Northern California beaches scored high on an annual report card on water quality, but three of them in particular didn’t fare well at all.
Cowell Beach in Santa Cruz was named the No. 1 “Beach Bummer” by Santa Monica-based Heal the Bay, which released its study today of bacteria in water samples from beaches around the state. While more than four out of five beaches in the Bay Area received a grade of “A”, the group says pockets of pollution exist.
The other two local oceanside bummers listed are Baker Beach at Lobos Creek in San Francisco and Capitola Beach in Santa Cruz.
Amanda Griesbach, a water-quality scientist with Heal the Bay, told KQED’s Mina Kim that swimming in dirty water can cause a range of illnesses. “You can get a skin infection an ear infection, eye infection,” she said. “The most common is a GI infection (causing) stomach, diarrhea.”
You can look at the whole report for all of California as a .pdf file, or check out the county-by-county grades on the web. Keep in mind the default data you’ll see when you click on each beach relates to the most recent 30-day period of measurement; you have to click on the “historical data” tab to get a picture of an individual beach’s health over the course of the year.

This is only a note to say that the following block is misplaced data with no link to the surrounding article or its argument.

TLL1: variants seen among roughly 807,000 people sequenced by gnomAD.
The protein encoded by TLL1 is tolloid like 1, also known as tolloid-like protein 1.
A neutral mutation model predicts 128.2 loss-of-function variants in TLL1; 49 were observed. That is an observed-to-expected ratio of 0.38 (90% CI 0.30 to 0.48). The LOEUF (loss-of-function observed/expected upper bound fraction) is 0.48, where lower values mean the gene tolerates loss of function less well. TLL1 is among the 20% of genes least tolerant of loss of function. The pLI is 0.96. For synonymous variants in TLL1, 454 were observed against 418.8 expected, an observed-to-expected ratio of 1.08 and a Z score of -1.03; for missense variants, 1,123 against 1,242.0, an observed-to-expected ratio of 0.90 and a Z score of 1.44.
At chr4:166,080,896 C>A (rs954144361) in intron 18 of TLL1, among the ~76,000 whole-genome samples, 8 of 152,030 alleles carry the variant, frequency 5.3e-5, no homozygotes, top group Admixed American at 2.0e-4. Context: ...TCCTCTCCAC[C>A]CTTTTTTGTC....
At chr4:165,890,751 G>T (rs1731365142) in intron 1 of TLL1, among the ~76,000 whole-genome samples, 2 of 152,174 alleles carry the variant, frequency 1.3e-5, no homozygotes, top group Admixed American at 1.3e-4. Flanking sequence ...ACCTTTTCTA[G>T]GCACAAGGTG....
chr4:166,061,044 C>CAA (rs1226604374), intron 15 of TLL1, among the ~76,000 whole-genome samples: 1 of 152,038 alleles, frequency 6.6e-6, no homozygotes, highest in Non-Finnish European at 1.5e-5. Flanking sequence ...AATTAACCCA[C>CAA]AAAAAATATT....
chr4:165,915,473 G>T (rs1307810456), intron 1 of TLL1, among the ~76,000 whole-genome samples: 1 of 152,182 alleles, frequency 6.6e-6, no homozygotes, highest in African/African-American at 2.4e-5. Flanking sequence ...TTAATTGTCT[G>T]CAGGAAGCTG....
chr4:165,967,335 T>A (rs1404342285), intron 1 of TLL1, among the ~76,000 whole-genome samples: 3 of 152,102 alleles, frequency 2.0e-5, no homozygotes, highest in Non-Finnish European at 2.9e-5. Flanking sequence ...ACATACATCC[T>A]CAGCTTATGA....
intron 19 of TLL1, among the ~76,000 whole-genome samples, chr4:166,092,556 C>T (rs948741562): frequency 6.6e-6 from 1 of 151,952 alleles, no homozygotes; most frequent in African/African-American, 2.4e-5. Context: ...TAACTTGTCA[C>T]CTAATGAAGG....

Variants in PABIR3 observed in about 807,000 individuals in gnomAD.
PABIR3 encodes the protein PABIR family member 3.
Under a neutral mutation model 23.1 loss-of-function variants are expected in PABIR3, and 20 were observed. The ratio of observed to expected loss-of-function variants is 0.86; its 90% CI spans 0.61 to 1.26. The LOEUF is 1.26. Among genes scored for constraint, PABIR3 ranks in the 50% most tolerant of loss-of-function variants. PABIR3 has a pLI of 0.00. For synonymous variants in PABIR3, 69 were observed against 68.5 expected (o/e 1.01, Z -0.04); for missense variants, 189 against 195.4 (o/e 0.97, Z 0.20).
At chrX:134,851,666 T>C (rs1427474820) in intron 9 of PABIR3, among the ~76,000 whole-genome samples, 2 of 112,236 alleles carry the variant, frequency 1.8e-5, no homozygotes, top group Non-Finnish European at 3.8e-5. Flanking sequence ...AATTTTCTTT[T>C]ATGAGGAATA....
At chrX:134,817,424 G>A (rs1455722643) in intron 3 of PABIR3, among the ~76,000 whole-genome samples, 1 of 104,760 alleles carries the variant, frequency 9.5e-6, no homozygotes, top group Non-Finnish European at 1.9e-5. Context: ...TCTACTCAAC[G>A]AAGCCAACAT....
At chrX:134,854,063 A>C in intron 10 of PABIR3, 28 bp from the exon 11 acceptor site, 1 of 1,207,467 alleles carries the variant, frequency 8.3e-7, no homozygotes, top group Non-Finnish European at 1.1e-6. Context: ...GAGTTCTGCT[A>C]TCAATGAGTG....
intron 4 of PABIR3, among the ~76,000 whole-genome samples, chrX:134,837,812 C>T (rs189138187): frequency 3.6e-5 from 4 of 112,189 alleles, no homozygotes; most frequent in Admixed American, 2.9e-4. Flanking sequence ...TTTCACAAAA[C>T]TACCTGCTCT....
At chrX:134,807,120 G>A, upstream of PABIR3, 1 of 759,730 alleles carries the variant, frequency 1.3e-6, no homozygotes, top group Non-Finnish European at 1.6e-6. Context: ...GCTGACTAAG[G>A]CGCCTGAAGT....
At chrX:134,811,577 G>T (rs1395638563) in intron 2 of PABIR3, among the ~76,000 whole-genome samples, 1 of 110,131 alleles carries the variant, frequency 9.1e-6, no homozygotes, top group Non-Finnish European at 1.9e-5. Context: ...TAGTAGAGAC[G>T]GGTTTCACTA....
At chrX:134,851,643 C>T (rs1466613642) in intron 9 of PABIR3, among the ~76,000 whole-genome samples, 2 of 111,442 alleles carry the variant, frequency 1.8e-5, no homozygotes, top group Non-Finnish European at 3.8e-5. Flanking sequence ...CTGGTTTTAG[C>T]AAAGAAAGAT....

For instance, Baker Beach Lobos Creek, a top-ten polluted beach, gets an A+ rating for the 30 days ending May 16, but an F overall because of its long periods of failing grades during the previous 12 months.
Here’s more about the report from the group’s FAQ:
Heal the Bay’s Beach Report Card is the only comprehensive analysis of coastline water quality in California. We monitor more than 350 beaches weekly from Oregon to the Mexico border, assigning an A to F grade based on the health risks of swimming or surfing at that location. On our website, you can find out which beaches are safe and unsafe, check recent water quality history and look up details of current and past beach closures.